Orientation to the winter sun and protection from summer heat were essential to the passive solar design, as was a concrete slab for thermal mass to absorb heat in winter and stay cool in summer. “Straw bales are such good insulators that we can come in at the end of a winter’s day and the house feels as if it has been centrally heated,” Rachel says. “When we need to top up that heat at night we run an eco fire, which is basically a methylated spirits burner contained in a stainless-steel box. Because it burns clean, it doesn’t need a flue. It’s amazingly efficient.” All the roof water is harvested, filtered and stored in tanks with a capacity of 50,000 litres to supply all the household’s washing, drinking and garden watering needs. As well there’s a 10,000-litre compulsory reserve for fighting bushfires and all greywater is filtered through a Lomandra reed bed and pumped onto an open area where it drains to water the surrounding trees.
“We have a Clivus Multrum composting toilet, which is completely odourless,” Rachel adds. “I have read that a flushing toilet can use up to 60,000 litres of water annually, so that’s our entire tank supply and obviously a major saving for the property. But water is generally not a problem for us as rainfall in this area is usually pretty reliable. Having said that, we did get down to our last three or four thousand litres during a dry spell last summer. A solar hot water system takes care of hot water, except after four or five days of cloud cover when they may need to use the electric booster. The oven runs on gas and the household’s lighting and other electricity needs are supplied by six photovoltaics on the roof. “We have installed a gross feed meter so we can make the most of the electricity we generate,” Rachel explains. “When funds permit, I would like to install more photovoltaics so we can earn even more from the electricity we feed back to the grid.”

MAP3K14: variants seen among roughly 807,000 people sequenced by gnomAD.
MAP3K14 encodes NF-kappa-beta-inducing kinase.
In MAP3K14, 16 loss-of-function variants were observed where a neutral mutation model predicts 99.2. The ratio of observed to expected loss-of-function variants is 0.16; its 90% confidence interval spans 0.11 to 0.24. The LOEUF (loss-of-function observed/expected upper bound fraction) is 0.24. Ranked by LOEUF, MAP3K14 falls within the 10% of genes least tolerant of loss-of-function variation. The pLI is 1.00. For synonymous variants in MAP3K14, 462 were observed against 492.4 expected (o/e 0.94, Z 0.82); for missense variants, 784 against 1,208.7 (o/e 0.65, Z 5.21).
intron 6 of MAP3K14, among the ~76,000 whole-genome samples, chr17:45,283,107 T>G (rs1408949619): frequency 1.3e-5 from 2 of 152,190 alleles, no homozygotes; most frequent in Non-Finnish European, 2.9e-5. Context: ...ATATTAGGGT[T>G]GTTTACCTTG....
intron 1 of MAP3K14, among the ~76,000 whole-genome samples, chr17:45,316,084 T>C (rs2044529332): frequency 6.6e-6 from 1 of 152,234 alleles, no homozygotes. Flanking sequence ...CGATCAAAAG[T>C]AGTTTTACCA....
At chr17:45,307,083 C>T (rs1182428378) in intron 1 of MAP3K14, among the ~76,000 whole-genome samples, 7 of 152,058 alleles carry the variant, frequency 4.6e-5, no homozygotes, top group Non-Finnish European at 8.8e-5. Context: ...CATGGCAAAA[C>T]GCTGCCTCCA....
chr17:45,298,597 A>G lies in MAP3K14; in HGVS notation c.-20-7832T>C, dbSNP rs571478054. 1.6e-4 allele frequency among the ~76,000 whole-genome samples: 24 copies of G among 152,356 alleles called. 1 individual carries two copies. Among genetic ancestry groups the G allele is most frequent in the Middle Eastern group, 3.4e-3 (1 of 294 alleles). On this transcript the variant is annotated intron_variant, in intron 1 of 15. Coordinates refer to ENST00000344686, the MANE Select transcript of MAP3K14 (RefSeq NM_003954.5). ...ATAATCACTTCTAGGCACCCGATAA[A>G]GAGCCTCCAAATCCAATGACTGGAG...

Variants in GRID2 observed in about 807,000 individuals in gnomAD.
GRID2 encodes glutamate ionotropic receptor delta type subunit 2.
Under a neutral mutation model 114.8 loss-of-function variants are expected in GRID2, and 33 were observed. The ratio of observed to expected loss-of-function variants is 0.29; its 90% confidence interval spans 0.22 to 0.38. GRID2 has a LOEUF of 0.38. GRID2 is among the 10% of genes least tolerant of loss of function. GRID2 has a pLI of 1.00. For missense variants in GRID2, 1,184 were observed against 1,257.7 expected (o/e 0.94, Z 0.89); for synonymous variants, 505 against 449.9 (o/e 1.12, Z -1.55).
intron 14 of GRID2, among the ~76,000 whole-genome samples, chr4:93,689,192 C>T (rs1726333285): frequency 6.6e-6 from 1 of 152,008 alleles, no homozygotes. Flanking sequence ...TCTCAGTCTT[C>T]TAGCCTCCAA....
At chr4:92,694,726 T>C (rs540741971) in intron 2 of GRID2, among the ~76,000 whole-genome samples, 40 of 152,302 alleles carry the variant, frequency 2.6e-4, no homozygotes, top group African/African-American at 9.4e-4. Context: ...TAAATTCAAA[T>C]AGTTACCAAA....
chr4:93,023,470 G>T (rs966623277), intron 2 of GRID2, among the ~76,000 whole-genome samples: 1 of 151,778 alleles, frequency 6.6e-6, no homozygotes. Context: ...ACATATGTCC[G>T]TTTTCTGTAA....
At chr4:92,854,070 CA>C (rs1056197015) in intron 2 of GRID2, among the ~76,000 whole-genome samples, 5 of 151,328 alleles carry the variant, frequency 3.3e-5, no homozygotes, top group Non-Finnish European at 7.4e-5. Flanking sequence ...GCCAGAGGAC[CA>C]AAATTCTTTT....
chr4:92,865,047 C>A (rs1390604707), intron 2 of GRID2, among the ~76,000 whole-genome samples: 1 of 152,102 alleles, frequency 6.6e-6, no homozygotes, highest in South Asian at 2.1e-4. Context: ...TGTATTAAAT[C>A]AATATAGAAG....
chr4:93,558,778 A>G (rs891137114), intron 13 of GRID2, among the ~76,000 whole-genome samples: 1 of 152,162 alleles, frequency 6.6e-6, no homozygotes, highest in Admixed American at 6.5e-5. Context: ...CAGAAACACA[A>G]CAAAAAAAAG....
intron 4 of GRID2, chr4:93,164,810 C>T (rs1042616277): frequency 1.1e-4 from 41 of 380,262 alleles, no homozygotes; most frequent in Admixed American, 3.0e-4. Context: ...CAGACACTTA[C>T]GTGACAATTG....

Plenty of natural light reduces the need for artificial lighting, which leaves the fridge and the water filtration system as the greatest power vampires. Forest Stewardship Council certified sustainable timber was used for internal fittings, and other timbers, such as the rosewood used in the kitchen joinery, were reclaimed and recycled. “We used low-VOC materials throughout and are always mindful of our footprint,” Rachel adds. “We are blessed in this area with a bounty of local produce and can source everything from macadamias and coffee to organic chillies, blueberries and deli items. I’m pretty spoilt all round, actually, as Cam (who is the chef at Gaia, the wellness retreat owned by Olivia Newton John) brings home leftovers from the kitchen. Even our chooks get to share the good life, so we have a constant supply of flavoursome eggs as well. So, while we are not entirely self-sufficient, I’d have to say we seem to have the balance pretty much worked out.”